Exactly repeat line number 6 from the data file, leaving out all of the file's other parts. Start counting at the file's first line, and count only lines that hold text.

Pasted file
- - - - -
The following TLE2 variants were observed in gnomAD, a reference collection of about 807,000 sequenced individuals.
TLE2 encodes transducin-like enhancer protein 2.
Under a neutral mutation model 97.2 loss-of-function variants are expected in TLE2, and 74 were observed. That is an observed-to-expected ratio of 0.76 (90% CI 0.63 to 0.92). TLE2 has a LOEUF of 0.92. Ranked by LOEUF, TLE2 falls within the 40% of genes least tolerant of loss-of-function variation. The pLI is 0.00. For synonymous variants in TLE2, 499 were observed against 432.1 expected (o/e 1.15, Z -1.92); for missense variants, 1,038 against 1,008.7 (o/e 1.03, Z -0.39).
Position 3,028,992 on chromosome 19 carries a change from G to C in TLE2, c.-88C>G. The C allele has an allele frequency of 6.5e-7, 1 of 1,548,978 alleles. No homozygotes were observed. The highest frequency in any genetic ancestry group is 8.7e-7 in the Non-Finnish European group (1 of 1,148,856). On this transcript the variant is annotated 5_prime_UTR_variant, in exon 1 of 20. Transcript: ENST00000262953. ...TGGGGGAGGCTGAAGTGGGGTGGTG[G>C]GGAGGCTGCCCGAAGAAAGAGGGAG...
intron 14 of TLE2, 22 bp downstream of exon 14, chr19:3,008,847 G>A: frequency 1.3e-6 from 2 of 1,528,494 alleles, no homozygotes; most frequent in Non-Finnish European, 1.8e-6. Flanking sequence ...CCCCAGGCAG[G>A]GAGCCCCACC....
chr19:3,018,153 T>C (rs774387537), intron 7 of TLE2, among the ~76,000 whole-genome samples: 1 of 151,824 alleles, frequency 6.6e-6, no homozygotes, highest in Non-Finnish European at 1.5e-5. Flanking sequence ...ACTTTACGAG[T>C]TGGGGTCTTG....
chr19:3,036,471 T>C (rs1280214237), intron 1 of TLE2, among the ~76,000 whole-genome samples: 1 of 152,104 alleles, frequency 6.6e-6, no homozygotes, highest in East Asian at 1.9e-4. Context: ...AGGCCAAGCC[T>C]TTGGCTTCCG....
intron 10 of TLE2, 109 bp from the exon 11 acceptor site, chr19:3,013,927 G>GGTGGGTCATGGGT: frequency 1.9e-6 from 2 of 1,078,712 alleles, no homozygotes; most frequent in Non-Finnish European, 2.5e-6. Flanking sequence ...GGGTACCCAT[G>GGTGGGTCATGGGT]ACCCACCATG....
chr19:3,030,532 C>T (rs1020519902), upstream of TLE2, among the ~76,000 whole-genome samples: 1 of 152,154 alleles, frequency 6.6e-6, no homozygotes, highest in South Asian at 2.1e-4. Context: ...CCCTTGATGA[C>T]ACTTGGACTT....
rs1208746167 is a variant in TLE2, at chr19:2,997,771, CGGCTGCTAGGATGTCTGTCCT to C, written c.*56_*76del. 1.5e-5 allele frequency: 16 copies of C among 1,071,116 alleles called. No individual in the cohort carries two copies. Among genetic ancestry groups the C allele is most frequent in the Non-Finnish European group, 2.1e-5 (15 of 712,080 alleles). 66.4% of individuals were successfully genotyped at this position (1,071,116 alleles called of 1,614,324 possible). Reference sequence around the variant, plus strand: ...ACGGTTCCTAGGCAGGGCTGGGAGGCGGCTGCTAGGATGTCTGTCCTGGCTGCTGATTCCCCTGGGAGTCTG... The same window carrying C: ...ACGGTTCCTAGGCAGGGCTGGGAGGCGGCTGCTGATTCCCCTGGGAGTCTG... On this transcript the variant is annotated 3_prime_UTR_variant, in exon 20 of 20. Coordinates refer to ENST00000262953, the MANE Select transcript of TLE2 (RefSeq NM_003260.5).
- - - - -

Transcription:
chr19:3,018,153 T>C (rs774387537), intron 7 of TLE2, among the ~76,000 whole-genome samples: 1 of 151,824 alleles, frequency 6.6e-6, no homozygotes, highest in Non-Finnish European at 1.5e-5. Flanking sequence ...ACTTTACGAG[T>C]TGGGGTCTTG....